On “Aspiring to be that guy”. We should always have role models who push us to be better. Every. Damn. Day. When we can, we should also have mentors who push us in the right direction and help develop our talent in a way that contributes to the mission. I’m not kissing butt here, but if someone looks at you career and can’t be inspired to be “that guy”, maybe it’s time to do something else IMVHO. By the way, I don’t mean in your exact footprints, but in a way that inspires you to advance in your own career path.

    Anyway, I don’t want to drone on, but there is a lot here worth unpacking and understanding further.

  2. PTMcCain says:

    Well written and highly informative! And thanks for your many years of service, sir.

  3. Tired says:

    Come to the sustainment side of the house…. where the HBUC fraternity and sorority system and the Prince Hall Lodge have subsumed the promotion and assignment process.

    It’s unbelievable.

  4. Tired says:

    Come to the sustainment side of the house…. where the college fraternity and sorority system and the Masons have subsumed the Army promotion and assignment process.

    It’s unbelievable.

  5. Israel Hoffman says:

    This is the biggest reason I have seen incredible soldiers and NCO’s leave the Army in the rear-view mirror. This combined with the re-focus on the officer’s unrealistic control of all things army is the reason we will lose the next major conflict. The opinions of a fresh 24 year old college grad outweigh that of the 32 year old senior NCO with 12 deployments. Everything is ass backwards and completely upside down.

    • Terry Baldwin says:

      Israel,

      I know it can be like that, but it does not have to be. For any unit to work at its best, under any promotion / assignment management system, there has to be team work and unit cohesion. Both demand that everyone treat everyone else like a valued teammate – regardless of rank and relative experience. Everyone brings whatever they have to contribute to the team effort.

      That in turn, requires mutual respect and implies that everyone fully commits to the team and the mission. In my experience, people thrive and strive to achieve their personal best in that type of positive unit climate. Otherwise, as you mention, the best people will walk. I always advise against leaving simply on the basis of being dissatisfied with “the system.” I say, stay and fight. That is what warriors do – even if the struggle of the day is against the Army itself.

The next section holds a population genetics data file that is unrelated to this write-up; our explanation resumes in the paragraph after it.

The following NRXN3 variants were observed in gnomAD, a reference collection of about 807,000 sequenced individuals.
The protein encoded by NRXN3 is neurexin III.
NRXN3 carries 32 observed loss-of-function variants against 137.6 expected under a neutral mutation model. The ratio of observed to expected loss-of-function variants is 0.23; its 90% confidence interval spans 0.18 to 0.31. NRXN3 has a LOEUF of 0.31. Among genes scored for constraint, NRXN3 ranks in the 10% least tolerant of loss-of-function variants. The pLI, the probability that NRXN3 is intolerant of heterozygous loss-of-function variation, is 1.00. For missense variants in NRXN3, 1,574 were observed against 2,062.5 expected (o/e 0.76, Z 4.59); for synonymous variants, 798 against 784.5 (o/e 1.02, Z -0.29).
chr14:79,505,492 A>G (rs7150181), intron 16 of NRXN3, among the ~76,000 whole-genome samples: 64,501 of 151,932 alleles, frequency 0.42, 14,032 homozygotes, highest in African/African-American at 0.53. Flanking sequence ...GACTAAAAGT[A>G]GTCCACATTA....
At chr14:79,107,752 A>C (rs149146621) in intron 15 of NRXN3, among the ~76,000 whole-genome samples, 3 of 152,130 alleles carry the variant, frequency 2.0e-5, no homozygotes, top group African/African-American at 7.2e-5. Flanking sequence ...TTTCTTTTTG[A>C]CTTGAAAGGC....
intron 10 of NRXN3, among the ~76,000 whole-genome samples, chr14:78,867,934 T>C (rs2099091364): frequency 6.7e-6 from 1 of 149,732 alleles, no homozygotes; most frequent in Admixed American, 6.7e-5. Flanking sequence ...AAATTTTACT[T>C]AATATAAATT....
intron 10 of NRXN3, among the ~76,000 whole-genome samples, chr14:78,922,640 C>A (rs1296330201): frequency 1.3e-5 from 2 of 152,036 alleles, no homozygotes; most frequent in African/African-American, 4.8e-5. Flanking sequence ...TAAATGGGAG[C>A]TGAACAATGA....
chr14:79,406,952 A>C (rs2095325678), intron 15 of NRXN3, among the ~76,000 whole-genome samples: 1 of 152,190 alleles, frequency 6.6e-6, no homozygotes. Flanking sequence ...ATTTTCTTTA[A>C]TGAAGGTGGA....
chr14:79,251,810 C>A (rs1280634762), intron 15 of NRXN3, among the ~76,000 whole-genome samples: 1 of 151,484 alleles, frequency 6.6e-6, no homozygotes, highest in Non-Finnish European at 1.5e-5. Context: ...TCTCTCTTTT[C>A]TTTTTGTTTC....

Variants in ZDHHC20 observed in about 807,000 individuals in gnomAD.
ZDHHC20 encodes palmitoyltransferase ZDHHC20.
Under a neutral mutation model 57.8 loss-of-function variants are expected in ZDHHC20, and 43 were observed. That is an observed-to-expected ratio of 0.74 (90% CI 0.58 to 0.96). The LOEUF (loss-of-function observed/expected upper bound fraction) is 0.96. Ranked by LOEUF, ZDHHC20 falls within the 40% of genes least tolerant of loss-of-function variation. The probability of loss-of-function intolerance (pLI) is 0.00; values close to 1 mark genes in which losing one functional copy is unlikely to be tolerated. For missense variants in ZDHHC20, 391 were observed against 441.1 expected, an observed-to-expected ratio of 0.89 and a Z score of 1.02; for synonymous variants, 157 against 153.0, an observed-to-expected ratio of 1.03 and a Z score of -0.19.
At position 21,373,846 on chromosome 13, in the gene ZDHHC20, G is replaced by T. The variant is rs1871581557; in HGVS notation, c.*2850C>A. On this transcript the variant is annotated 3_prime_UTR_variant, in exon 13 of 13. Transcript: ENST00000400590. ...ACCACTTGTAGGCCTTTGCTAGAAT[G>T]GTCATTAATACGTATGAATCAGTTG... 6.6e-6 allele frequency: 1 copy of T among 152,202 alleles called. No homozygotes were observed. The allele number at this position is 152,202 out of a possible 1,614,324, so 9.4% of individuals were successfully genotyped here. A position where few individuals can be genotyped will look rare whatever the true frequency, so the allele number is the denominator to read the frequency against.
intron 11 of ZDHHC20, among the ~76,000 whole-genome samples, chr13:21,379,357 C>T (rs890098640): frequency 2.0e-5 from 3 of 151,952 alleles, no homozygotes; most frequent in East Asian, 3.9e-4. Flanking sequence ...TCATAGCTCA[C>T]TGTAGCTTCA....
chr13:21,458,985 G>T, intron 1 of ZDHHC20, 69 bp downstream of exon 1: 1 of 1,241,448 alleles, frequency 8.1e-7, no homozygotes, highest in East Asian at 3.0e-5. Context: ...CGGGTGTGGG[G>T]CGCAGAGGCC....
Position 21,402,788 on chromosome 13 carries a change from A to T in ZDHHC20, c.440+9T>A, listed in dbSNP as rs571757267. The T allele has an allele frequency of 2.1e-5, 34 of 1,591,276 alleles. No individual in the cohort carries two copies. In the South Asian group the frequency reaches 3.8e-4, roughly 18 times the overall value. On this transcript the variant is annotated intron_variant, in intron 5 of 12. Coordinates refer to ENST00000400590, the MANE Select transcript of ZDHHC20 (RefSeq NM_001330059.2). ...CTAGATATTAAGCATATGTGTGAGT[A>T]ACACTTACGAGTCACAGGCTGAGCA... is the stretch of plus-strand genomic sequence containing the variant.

It will never get better unless good people stay around to try.

      TLB

  6. MRC says:

    Terry,
    Great article as usual; I know we talked about it before, but if you remember we overlapped in 2/505 in ’87. Then of course later. TR

    • Terry Baldwin says:

      Travis,

      Yep, I usually remember…I just have senior moments from time to time.

      TLB

  7. Brian Harris says:

    I have never joined the military. My friends did. I went to college BLA, BLA, now in LEO. It is sadly the same in my small Civililan AO. Thank you for your service and sending this out. Cheers.

  8. Will Rodriguez says:

    Very much looking forward to this article. I also had a very unique career and decided early to pursue positions I found personally rewarding vs. punching a ticket to get promoted. (My personal gripe is defining success by rank does not serve the organization or the soldier best.)

    Sometimes I experienced the Army completely desiring to fill A SLOT when another slot also had to be filled that would have also been “career enhancing.” Guess what the Army did? LOL!

    I hope you are going to offer some solutions?

    • Terry Baldwin says:

      Will,

      Yes, at least some options if not solutions. Not many are original ideas of mine. Some of this has been “wargamed” and brainstormed for years. One of the challenges with changing a huge complicated enterprise like the Army is that – in terms of personnel management – it is a zero sum game. X number of slots and Y number of people in perpetual motion. One domino moves…and, traditionally, they all have to move.

      Slowing promotions by stretching out time in grade timelines and reducing the pressure to move people constantly would be good ideas. However, initiatives like that do tend to limit options for self-actualized career mobility. We do not want to go from perpetual motion to stagnation. The Army acknowledges that but has not made any real effort to do something about it.

      Remember the old regimental affiliation initiative that was supposed to provide stability and predictability? It did not do either. I also think lateral opportunities should be exponentially expanded. Shifting between MOSs – call it cross training – going Warrant, or seeking a commission in service – and even back again – should be made almost routine.

      Reevaluating the need for generalists vs specialists. My sense is that already today and in the future we need fewer commissioned officers (generalists) and more specialists (Warrants and NCOs). Having said that, we do not want to lock people in ridged silos based on “that’s the way we have always done it” rather than logic and military necessity.